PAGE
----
Zero: the likelihood of mining on Great Barrier. It’s classic bait and switch. Aucklanders get all upset about Great Barrier. The government ‘listens’ and decides to let foreign companies dig up more of our wealth for themselves in places like Stewart Island and Kahurangi instead.

Mehdunno: the Government’s estimate of the economic value to New Zealand of the proposed mining. Remember more mining is the government’s one big plan for the economy but they can’t even give a ballpark figure on how much they expect the country to gain.

38 comments on “The numbers on mining don’t stack up”

  1. freedom 1

    1,053,398 : the number of idiots we have to thank for this long-drop of a situation

  2. Lanthanide 2

    Excellent summary. Pity we can’t just get this post printed verbatim in a national paper where ordinary, everyday folk would see it.

    • freedom 2.1

      post it to every social networking site you know of
      print off copies and distribute them
      send every contact on your email list the link
      get creative and share information
      BECAUSE THE MEDIA WILL NOT DO IT FOR US

  3. freedom 3

    and do not forget to make a submission
    http://www.med.govt.nz/templates/xform____42557.aspx

  4. RascallyRabbit 4

    MED figures provided for the Business Herald reveal that petroleum was a nice little earner for the Government in the 2008/2009 financial year.

    The Crown received approximately $965 million from the petroleum sector that year: $543 million in royalty payments; the balance in taxes

    Who knows who to believe?!

    Our future as oil Sheikhs…

    • Clarke 4.1

      Leaving aside the fact that the royalty rates for oil charged by NZ are amongst the lowest in the world (as demonstrated by the Herald’s numbers), and that all the petroleum ventures in the country are majority controlled by overseas prospectors which are exporting their profits, the simple fact is that no-one is suggesting there is any oil or gas to be had in the Schedule 4 lands.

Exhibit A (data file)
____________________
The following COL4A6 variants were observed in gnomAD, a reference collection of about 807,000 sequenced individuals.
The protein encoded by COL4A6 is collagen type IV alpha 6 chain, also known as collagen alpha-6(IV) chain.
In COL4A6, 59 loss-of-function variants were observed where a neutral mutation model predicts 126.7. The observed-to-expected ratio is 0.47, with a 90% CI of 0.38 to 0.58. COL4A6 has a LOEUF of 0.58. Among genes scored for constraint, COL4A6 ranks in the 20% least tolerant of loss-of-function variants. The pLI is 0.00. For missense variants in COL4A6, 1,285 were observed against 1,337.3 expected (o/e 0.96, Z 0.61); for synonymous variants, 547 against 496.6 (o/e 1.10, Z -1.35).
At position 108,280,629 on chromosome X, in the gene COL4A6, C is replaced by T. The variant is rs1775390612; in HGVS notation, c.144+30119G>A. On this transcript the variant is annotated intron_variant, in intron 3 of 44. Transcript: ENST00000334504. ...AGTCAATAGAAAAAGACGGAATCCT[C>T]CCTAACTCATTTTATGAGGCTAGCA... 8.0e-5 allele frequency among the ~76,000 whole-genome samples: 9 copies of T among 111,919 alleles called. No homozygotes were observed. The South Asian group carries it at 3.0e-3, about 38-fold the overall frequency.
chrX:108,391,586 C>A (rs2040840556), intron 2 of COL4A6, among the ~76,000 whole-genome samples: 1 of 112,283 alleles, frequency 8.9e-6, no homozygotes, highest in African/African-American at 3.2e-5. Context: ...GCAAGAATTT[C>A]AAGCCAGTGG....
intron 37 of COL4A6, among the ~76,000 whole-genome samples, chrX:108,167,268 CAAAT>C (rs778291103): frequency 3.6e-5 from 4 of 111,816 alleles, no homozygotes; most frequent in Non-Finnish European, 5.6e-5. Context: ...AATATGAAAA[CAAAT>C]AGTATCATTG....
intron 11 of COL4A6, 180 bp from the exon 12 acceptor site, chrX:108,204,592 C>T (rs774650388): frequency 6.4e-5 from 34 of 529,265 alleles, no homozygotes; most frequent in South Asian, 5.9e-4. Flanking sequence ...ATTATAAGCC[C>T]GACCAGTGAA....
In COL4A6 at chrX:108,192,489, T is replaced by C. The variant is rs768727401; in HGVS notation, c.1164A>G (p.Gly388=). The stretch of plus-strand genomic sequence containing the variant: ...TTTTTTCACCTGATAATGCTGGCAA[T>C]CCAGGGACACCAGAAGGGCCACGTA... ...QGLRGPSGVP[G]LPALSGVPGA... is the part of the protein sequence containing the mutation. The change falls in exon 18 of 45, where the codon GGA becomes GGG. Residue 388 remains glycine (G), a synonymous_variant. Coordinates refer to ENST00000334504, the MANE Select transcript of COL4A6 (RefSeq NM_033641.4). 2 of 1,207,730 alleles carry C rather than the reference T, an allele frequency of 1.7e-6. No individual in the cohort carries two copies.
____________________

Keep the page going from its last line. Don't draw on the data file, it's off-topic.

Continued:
Which means even if the oil sector in NZ was being managed for the benefit of NZ rather than the multinational exploration companies. Brownlees’ escapades would not see a single additional barrel of oil brought to market.

    • Bright Red 4.2

      we’re not talking about petroleum here. we’re talking about mining

      • RascallyRabbit 4.2.1

        $6.8 billion: revenue of the mining industry (including oil and gas)in 2008. It paid just $500 million in wages and salaries and only $70 million in royalties.

        I am just saying that the whole conversation is confusing does the mining/mineral extraction debate include oil and gas? Does it include potentially mining on non-schedule 4 lands? What calendar years or financial years are going to be used as a base of comparison for debate?

        There are so many questions and different numbers floating around that I think it would be good to get some f’n clarity from our political elites…

        • Clarke 4.2.1.1